Now let's assume you have two amps which share the same parts and circuit topology, only use different output tubes. I actually did that several times. For example a triode strapped 6CB5A and a 45. Both in a transformer coupled amp, using the same driver tube (6N7) and the same interstage and output transformers. Also the same capacitors and similar power supplies. Tube rectified in both cases with full wave TV damper bridge feeding a choke input filter. Even the same power transformer, only using diffierent taps since the 45 needs a different B+ voltage.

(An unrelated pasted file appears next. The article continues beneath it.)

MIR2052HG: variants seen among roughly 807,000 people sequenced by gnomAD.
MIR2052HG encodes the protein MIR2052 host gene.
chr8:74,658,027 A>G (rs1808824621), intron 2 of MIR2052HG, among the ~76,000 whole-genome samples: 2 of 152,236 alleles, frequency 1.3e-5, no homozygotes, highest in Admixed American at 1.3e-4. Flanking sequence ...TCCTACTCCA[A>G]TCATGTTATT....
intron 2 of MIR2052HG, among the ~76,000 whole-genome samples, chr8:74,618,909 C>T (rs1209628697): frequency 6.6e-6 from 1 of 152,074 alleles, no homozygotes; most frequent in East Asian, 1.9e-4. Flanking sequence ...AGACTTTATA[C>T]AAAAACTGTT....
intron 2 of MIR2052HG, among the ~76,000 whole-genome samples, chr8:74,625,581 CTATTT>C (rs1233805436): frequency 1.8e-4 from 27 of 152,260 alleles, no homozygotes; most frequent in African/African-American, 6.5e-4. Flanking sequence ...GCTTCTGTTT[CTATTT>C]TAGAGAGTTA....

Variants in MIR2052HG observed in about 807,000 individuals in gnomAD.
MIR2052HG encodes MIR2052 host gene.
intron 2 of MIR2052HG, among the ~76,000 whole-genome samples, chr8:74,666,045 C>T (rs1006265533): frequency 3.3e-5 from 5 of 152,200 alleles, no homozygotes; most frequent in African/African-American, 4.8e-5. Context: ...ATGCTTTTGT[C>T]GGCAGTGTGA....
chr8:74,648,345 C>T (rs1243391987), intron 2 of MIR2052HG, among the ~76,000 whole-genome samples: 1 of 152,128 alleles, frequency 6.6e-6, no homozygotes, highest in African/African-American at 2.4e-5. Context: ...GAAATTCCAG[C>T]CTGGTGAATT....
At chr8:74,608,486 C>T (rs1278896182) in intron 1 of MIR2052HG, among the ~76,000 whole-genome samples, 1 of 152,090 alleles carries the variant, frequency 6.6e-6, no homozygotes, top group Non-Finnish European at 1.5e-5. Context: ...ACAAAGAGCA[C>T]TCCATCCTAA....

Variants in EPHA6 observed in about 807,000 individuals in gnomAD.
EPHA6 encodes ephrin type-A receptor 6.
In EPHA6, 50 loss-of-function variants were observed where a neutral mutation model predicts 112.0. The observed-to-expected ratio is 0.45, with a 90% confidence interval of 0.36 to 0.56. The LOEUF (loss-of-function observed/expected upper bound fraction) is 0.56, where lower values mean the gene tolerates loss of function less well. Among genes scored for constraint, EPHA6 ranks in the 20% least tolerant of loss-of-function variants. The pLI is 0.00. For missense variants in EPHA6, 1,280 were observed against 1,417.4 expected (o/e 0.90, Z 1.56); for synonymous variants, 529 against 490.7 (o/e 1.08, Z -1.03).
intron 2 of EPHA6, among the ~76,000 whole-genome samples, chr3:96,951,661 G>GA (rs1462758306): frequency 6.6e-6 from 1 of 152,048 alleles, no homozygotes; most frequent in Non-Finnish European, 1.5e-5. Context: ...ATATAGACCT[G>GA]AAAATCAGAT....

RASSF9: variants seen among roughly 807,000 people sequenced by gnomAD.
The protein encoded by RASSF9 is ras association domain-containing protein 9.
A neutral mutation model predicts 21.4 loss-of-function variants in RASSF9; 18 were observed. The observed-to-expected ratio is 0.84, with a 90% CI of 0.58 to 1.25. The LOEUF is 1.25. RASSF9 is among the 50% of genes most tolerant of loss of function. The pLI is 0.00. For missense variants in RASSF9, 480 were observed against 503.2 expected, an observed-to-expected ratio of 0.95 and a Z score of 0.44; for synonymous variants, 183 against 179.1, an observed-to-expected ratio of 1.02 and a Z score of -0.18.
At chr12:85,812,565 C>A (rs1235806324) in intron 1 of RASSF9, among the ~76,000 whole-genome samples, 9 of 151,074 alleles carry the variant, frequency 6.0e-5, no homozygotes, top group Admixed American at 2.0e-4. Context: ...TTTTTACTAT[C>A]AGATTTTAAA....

Now this is really a valid comparison and all we are comparing are the two output tubes, right? To a large degree yes, but there are still other factors playing a role. Both tubes have different plate resistances so they require different loading. The output transformer used (Tango XE20S) provides tapping for different impedances, so it can be adapted. Still both amps will not have the same output impedance (damping factor). Some speakers react sensitively to that, others less. So this is one aspect which has an impact on the sound. It is not a qualitative aspect as such. With one speaker a higher output impedance can be beneficial with another one it will cause a slightly worse sound.